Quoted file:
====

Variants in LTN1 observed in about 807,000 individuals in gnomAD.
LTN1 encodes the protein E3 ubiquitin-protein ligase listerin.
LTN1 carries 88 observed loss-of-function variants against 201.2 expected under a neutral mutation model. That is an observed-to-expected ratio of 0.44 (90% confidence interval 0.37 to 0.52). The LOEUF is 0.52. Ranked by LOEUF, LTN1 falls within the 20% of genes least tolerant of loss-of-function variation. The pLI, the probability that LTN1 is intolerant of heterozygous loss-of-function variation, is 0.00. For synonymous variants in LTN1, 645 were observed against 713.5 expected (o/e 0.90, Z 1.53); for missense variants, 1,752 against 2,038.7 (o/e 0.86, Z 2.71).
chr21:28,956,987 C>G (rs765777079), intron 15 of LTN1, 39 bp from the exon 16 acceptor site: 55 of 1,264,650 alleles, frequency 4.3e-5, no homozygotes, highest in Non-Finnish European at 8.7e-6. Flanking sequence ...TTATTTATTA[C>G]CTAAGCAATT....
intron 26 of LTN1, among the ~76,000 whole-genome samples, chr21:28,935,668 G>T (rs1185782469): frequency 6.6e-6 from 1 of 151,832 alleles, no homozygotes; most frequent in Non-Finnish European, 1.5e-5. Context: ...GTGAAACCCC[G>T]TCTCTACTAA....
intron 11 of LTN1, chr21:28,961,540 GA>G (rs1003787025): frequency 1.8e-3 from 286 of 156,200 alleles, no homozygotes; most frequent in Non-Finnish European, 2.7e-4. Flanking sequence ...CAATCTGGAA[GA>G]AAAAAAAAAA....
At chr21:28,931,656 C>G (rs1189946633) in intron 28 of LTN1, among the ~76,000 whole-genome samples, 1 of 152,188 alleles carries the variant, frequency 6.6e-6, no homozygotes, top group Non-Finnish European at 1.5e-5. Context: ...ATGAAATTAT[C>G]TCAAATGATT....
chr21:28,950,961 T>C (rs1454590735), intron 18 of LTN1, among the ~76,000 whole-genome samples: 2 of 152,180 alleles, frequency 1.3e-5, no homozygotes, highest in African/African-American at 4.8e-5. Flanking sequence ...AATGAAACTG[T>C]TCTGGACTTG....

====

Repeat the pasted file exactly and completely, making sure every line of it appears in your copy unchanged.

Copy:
Variants in LTN1 observed in about 807,000 individuals in gnomAD.
LTN1 encodes the protein E3 ubiquitin-protein ligase listerin.
LTN1 carries 88 observed loss-of-function variants against 201.2 expected under a neutral mutation model. That is an observed-to-expected ratio of 0.44 (90% confidence interval 0.37 to 0.52). The LOEUF is 0.52. Ranked by LOEUF, LTN1 falls within the 20% of genes least tolerant of loss-of-function variation. The pLI, the probability that LTN1 is intolerant of heterozygous loss-of-function variation, is 0.00. For synonymous variants in LTN1, 645 were observed against 713.5 expected (o/e 0.90, Z 1.53); for missense variants, 1,752 against 2,038.7 (o/e 0.86, Z 2.71).
chr21:28,956,987 C>G (rs765777079), intron 15 of LTN1, 39 bp from the exon 16 acceptor site: 55 of 1,264,650 alleles, frequency 4.3e-5, no homozygotes, highest in Non-Finnish European at 8.7e-6. Flanking sequence ...TTATTTATTA[C>G]CTAAGCAATT....
intron 26 of LTN1, among the ~76,000 whole-genome samples, chr21:28,935,668 G>T (rs1185782469): frequency 6.6e-6 from 1 of 151,832 alleles, no homozygotes; most frequent in Non-Finnish European, 1.5e-5. Context: ...GTGAAACCCC[G>T]TCTCTACTAA....
intron 11 of LTN1, chr21:28,961,540 GA>G (rs1003787025): frequency 1.8e-3 from 286 of 156,200 alleles, no homozygotes; most frequent in Non-Finnish European, 2.7e-4. Flanking sequence ...CAATCTGGAA[GA>G]AAAAAAAAAA....
At chr21:28,931,656 C>G (rs1189946633) in intron 28 of LTN1, among the ~76,000 whole-genome samples, 1 of 152,188 alleles carries the variant, frequency 6.6e-6, no homozygotes, top group Non-Finnish European at 1.5e-5. Context: ...ATGAAATTAT[C>G]TCAAATGATT....
chr21:28,950,961 T>C (rs1454590735), intron 18 of LTN1, among the ~76,000 whole-genome samples: 2 of 152,180 alleles, frequency 1.3e-5, no homozygotes, highest in African/African-American at 4.8e-5. Flanking sequence ...AATGAAACTG[T>C]TCTGGACTTG....